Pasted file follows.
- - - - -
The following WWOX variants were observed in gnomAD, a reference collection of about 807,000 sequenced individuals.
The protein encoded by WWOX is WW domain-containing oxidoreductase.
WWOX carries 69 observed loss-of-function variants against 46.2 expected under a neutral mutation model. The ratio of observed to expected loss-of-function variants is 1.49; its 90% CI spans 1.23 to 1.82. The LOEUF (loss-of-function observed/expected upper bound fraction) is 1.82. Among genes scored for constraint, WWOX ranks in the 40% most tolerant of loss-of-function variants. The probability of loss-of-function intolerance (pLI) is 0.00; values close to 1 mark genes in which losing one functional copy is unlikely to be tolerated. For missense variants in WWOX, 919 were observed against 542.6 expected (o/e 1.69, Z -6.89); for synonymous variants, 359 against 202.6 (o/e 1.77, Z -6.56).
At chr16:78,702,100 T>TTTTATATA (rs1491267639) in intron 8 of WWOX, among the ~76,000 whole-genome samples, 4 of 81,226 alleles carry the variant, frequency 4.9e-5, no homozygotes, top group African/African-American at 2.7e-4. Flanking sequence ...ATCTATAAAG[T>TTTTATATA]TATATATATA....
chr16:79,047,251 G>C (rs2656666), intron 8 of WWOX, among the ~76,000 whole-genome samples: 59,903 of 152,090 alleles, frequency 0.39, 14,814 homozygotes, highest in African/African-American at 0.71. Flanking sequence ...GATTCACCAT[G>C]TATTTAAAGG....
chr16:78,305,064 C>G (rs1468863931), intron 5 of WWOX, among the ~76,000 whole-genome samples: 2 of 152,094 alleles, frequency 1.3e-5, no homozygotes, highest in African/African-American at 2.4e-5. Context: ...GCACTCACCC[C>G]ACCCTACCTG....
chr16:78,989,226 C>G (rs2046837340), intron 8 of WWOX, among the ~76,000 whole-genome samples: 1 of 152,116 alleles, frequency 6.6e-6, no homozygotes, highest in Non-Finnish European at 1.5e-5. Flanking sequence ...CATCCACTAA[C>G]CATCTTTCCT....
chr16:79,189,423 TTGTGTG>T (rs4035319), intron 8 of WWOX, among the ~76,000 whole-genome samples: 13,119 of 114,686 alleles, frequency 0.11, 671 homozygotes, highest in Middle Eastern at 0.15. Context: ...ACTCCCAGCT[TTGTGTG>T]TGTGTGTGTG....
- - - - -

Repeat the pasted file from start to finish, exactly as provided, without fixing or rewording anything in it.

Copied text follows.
The following WWOX variants were observed in gnomAD, a reference collection of about 807,000 sequenced individuals.
The protein encoded by WWOX is WW domain-containing oxidoreductase.
WWOX carries 69 observed loss-of-function variants against 46.2 expected under a neutral mutation model. The ratio of observed to expected loss-of-function variants is 1.49; its 90% CI spans 1.23 to 1.82. The LOEUF (loss-of-function observed/expected upper bound fraction) is 1.82. Among genes scored for constraint, WWOX ranks in the 40% most tolerant of loss-of-function variants. The probability of loss-of-function intolerance (pLI) is 0.00; values close to 1 mark genes in which losing one functional copy is unlikely to be tolerated. For missense variants in WWOX, 919 were observed against 542.6 expected (o/e 1.69, Z -6.89); for synonymous variants, 359 against 202.6 (o/e 1.77, Z -6.56).
At chr16:78,702,100 T>TTTTATATA (rs1491267639) in intron 8 of WWOX, among the ~76,000 whole-genome samples, 4 of 81,226 alleles carry the variant, frequency 4.9e-5, no homozygotes, top group African/African-American at 2.7e-4. Flanking sequence ...ATCTATAAAG[T>TTTTATATA]TATATATATA....
chr16:79,047,251 G>C (rs2656666), intron 8 of WWOX, among the ~76,000 whole-genome samples: 59,903 of 152,090 alleles, frequency 0.39, 14,814 homozygotes, highest in African/African-American at 0.71. Flanking sequence ...GATTCACCAT[G>C]TATTTAAAGG....
chr16:78,305,064 C>G (rs1468863931), intron 5 of WWOX, among the ~76,000 whole-genome samples: 2 of 152,094 alleles, frequency 1.3e-5, no homozygotes, highest in African/African-American at 2.4e-5. Context: ...GCACTCACCC[C>G]ACCCTACCTG....
chr16:78,989,226 C>G (rs2046837340), intron 8 of WWOX, among the ~76,000 whole-genome samples: 1 of 152,116 alleles, frequency 6.6e-6, no homozygotes, highest in Non-Finnish European at 1.5e-5. Flanking sequence ...CATCCACTAA[C>G]CATCTTTCCT....
chr16:79,189,423 TTGTGTG>T (rs4035319), intron 8 of WWOX, among the ~76,000 whole-genome samples: 13,119 of 114,686 alleles, frequency 0.11, 671 homozygotes, highest in Middle Eastern at 0.15. Context: ...ACTCCCAGCT[TTGTGTG>T]TGTGTGTGTG....